Time for Cuba’s shift from Patria o Muerte to Patria y Vida ?

Image source: BBC

Many politicians have an attitude that in their drive to stay in power, anything goes. Dictatorships have used populism to gain power throughout history, and they frequently do it by appearing to be someone they are not. In recent weeks, there has been an enormous surge of anti-communist rallies in Cuba. Since the Cuban Revolution in 1959, when Marxist-Leninist revolutionaries headed by Fidel Castro took power, open opposition has been unusual in the one-party state. Fidel Castro rose to power on the promise of ending Fulgencio Batista’s despotism in Cuba, only to follow through with an equally heinous totalitarian government that lasted more than half a century. Castro’s power ambitions were not confined to his nation, but he worked to extend Marxism-horrors Leninism’s throughout Latin America.

The deteriorating economic condition in Cuba has made an already poor populace even more desirous of change. As things stand, even basic essentials in Cuba might be difficult to come by. This desperation has led to an unprecedented number of Cubans flocking to the streets to protest against the system, despite the frequent harsh repercussions of doing so. Citizens in Cuba do not have the option of seeking change through political means. Freedom of expression and organization are fictitious and internet access is severely limited.

Money Matters and Money, Matters!

The latest wave of demonstrations is fueled in part by Cuba’s worsening living standards. While Cubans have suffered several economic difficulties in the past, the situation is today particularly grave. Many Cubans appear to have lost patience as a result of food and medical shortages, as well as power outages and a health system trying to cope with the COVID-19 pandemic. The time has come for ordinary Cubans to take action in openly demanding civil freedoms and an end to the communist dictatorship, according to the demonstrators and their allies in the Cuban diaspora. The Cuban dictatorship has oppressed and impoverished the populace for more than six decades, persecuting political opponents and minorities, engaging in severe censorship, disregarding property rights, and generally oppressing and impoverishing the population.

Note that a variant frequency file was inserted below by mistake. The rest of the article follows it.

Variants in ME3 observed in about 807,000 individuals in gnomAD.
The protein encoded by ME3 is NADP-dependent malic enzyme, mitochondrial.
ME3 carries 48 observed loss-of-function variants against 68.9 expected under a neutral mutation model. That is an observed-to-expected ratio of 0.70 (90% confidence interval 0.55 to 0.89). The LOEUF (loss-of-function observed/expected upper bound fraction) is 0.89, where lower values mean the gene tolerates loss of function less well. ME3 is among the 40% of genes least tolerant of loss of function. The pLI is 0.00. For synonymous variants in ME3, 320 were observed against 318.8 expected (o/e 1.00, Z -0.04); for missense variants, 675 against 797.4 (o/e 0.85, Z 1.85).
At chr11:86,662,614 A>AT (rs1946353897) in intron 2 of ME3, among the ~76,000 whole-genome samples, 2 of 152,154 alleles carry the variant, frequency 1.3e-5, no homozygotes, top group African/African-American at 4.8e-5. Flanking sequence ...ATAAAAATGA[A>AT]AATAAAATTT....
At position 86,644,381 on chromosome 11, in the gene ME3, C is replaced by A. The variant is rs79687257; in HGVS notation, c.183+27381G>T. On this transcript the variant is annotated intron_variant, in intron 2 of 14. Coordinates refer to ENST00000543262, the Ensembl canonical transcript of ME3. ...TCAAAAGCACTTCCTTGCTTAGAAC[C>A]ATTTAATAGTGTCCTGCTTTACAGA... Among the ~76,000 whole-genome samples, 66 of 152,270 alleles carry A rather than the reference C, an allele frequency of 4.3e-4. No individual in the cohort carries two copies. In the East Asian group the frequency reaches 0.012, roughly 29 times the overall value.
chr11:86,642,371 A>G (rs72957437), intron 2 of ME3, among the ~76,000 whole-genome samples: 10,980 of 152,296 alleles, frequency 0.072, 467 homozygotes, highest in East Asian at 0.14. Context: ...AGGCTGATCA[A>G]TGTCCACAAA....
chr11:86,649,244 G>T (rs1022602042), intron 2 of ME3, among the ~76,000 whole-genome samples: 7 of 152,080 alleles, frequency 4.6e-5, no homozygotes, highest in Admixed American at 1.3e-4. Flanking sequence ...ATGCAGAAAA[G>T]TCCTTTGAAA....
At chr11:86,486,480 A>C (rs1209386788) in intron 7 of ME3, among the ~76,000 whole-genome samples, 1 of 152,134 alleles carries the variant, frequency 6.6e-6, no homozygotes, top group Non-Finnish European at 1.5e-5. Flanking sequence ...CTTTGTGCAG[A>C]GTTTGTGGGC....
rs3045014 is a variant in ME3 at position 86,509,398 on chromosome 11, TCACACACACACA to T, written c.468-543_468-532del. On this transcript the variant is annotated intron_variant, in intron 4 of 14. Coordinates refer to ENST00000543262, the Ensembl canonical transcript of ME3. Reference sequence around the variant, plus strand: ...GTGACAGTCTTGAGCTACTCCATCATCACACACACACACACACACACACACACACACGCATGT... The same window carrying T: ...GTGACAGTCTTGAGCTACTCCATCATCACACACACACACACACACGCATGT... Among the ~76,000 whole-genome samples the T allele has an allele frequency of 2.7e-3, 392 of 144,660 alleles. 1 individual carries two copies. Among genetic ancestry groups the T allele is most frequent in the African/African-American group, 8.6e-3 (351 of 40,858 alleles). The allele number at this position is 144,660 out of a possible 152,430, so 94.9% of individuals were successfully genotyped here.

Today, with the help of social media and the capacity to partially circumvent internet restrictions, Cubans who are eager for a better future have been able to organise a grassroots movement while well conscious of the potential implications of their activities. The Cuban dictatorship has sought to depict itself as a socialist success story with outstanding public services and high living standards, which might be a utopia if it weren’t for the imperialist US and its sabotage attempts. The reality in Cuba, however, is far different from what the propaganda portrays.

Although American sanctions have had a detrimental influence on the Cuban economy with little benefit to the oppressed populace, the country’s current economic difficulties are due to consecutive generations of communist rule. Following the Cuban Revolution, Fidel Castro nationalised industries and companies, but unlike other authoritarian nations like China, the Cuban dictatorship remained ideologically rigid in its financial policies. Cuba’s government has continually failed as well as ignored the need to make the reforms that would allow the country to prosper economically. Furthermore, the country has experienced skyrocketing inflation rates in recent months as a result of the government’s decision to weaken the Cuban peso in an effort to promote exports.

Cuban Authorities = Brutal Repressions